The United States yesterday said it would resume its funding for the UN’s health agency as President Joe Biden shifts towards greater international cooperation in the fight against Covid-19, while also launching a US$1.9 trillion (RM7.7 trillion) plan to tackle the pandemic at home.
On his first day in the job, Biden confirmed he had reversed the decision of former president Donald Trump to quit the World Health Organization (WHO).
And on Day Two, Biden’s chief medical adviser Anthony Fauci confirmed that the US would continue its hefty payments into the organisation’s budget, prompting a wave of relief among international health experts.
“Under trying circumstances, this organisation has rallied the scientific and research and development community to accelerate vaccines, therapies and diagnostics,” Fauci told a WHO meeting via video-link.
Biden was a fierce critic of Trump’s approach to tackling the virus in the US, which with more than 400,000 people dead is the world’s worst-hit nation.
The new president is seeking to vaccinate 100 million people in 100 days, increase the use of masks and testing, expand the public health workforce and offer more emergency relief to those struggling with the restrictions.
“For almost a year now, Americans could not look to the federal government for any strategy,” said Jeff Zients, coordinator of the new Covid-19 task force. “As president Biden steps into office today, that all changes.”
With infection rates spiralling and vaccine campaigns still in their infancy — and with the global death toll now past two million — countries from Lebanon to Sierra Leone were tightening restrictions yesterday.
In hard-hit Europe, the Dutch parliament approved an overnight curfew as EU ministers mulled internal border closures, although Russian capital Moscow announced it was lifting many of its harshest restrictions as Mayor Sergei Sobyanin expressed “cautious optimism” over the current figures.
Gasping for breath
In northwest Brazil, however, hospitals were battling dire shortages of oxygen and hospital beds.
Health workers described harrowing scenes, with patients dying gasping for breath due to the lack of available oxygen.
“As soon as they unload the oxygen, we start worrying where the next day’s supply will come from. It is a constant stress,” said one hospital staffer.
More contagious coronavirus variants have travelled quickly around the globe — including from Brazil — tempering optimism that mass vaccination campaigns would bring a swift end to the worst phase of the pandemic.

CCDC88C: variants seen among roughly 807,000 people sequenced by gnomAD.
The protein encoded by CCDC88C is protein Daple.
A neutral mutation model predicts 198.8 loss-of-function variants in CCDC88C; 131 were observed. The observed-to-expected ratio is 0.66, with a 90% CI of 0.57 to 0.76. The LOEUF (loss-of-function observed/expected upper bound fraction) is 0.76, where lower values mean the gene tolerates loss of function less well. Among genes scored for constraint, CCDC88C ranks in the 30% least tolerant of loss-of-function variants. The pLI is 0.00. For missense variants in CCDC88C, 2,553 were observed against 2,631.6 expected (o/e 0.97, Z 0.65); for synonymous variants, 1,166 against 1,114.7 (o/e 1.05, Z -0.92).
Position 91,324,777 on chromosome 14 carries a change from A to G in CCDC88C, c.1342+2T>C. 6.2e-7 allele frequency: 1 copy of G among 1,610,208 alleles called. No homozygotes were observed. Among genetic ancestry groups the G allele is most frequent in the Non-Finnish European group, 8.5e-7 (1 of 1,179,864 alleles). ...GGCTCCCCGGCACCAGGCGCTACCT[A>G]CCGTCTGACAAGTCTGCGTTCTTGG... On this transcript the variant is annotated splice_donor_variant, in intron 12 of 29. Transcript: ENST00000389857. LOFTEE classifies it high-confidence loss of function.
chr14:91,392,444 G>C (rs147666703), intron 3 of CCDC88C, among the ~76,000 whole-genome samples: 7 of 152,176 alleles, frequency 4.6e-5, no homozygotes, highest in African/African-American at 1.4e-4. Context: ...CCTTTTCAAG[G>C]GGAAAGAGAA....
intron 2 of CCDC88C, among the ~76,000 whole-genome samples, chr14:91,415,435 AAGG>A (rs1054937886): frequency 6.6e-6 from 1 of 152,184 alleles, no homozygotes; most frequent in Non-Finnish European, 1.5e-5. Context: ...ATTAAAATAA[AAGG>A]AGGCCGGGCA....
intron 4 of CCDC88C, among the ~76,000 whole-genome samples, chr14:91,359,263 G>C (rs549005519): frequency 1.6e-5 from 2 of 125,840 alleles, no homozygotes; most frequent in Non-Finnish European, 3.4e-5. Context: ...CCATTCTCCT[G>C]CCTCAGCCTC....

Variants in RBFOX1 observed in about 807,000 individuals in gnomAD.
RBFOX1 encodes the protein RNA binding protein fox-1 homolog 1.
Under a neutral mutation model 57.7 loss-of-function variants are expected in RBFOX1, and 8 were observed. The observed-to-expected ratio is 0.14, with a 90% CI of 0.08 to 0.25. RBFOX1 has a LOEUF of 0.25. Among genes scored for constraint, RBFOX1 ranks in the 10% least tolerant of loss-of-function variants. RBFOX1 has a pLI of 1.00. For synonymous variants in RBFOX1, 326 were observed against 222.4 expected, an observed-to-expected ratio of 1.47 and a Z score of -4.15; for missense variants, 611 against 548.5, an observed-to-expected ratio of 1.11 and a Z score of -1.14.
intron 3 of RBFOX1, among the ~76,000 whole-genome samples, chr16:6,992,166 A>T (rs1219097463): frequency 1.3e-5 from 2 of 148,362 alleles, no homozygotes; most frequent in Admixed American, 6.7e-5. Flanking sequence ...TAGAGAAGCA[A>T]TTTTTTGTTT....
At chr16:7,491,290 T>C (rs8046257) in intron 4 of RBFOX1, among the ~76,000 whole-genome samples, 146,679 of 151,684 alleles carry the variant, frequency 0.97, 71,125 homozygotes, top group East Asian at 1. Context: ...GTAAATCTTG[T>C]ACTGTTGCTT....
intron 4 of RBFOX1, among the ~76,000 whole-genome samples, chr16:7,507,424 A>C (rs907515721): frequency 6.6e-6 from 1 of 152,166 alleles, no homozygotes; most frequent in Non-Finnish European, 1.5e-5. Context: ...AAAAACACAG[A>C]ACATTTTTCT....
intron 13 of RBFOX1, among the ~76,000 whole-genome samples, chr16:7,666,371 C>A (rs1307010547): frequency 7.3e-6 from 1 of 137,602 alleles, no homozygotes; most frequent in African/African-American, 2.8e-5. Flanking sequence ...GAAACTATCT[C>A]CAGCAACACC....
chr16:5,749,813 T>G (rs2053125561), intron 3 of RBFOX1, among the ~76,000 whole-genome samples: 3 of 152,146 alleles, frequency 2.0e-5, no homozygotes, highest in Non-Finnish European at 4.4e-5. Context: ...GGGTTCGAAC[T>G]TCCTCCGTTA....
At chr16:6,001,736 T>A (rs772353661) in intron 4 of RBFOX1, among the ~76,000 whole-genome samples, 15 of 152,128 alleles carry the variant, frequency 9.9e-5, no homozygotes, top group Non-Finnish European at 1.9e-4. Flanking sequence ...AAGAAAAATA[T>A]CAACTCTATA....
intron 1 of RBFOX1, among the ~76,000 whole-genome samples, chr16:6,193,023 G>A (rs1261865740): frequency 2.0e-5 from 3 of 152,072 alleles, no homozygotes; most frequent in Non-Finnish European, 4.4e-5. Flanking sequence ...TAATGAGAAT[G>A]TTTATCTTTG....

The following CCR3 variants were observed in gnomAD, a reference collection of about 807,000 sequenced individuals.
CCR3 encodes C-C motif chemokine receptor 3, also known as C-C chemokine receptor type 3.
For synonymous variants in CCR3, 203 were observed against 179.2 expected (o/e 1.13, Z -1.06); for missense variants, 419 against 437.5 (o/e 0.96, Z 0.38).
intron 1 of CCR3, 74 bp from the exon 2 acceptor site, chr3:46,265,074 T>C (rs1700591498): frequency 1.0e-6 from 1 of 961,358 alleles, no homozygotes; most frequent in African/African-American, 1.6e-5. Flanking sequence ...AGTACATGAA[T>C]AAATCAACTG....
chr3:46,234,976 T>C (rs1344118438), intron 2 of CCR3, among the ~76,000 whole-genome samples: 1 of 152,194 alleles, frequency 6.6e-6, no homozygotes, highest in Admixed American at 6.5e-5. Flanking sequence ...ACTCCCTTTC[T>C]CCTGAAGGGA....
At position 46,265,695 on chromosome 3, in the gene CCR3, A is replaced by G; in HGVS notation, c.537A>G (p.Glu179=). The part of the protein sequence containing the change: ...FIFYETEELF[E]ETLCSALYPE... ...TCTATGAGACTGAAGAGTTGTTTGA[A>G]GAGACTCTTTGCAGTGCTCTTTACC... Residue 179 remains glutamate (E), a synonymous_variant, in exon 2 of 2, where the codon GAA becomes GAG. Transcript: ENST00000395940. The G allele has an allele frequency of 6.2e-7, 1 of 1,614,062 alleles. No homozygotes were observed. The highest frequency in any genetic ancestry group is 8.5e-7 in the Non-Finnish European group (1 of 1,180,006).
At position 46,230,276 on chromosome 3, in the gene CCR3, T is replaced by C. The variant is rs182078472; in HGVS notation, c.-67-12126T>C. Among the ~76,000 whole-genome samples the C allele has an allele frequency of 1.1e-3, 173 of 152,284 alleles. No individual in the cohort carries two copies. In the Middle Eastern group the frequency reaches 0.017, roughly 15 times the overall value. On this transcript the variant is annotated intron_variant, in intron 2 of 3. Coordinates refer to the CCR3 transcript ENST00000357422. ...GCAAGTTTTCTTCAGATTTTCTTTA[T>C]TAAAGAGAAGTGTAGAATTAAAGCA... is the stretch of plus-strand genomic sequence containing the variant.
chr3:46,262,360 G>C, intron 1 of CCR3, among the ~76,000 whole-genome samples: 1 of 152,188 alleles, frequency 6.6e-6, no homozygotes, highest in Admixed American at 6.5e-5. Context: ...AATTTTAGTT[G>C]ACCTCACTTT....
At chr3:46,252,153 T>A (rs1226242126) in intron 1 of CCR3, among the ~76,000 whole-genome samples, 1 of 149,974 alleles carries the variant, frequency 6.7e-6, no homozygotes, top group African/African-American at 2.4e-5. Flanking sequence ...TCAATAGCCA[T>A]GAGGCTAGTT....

The European Centre for Disease Prevention, the EU’s disease agency, yesterday urged countries to prepare more stringent measures and speed up vaccine campaigns in the coming weeks because of the risks posed by potent new strains.
But the WHO has repeatedly warned that richer countries are hogging the vaccine — and they are paying less for their doses, after negotiating favourable deals with manufacturers.
South Africa, for example, will pay 2.5 times more than most European countries for each Oxford-AstraZeneca shot, the South African health ministry has confirmed.
The US provided a boost to efforts to share out vaccines across the world, however, by announcing it intends to join the Covax initiative, a pool of doses supplied by countries and companies.
Glastonbury cancelled again
In Japan, questions are intensifying about the viability of hosting the Tokyo Olympic Games in six months’ time — an event which would require thousands of athletes to fly in from around the world.
Olympic chief Thomas Bach said there was “no reason whatsoever” to believe the games would not go ahead, adding: “This is why there is no plan B and this is why we are fully committed to make these games safe and successful.”
But many organisers of large-scale events are already grappling with the reality that the return to pre-pandemic normality may come later than previously hoped.
The Swiss edition of international art fair Art Basel has been postponed from June until September, while Britain’s storied Glastonbury music festival was axed for another year.
Britain is facing record daily death tolls and has rammed through the approval of several vaccines, betting heavily on the jabs as an ultimate solution to the contagion.
But the same urgency is not being felt everywhere.
The Himalayan kingdom of Bhutan plans to vaccinate its entire population, but not until after March 13 because the period before has been deemed “inauspicious”.
The shots will start after that, the prime minister’s office said, adding that it was “important we roll out the nationwide vaccination on an auspicious date”.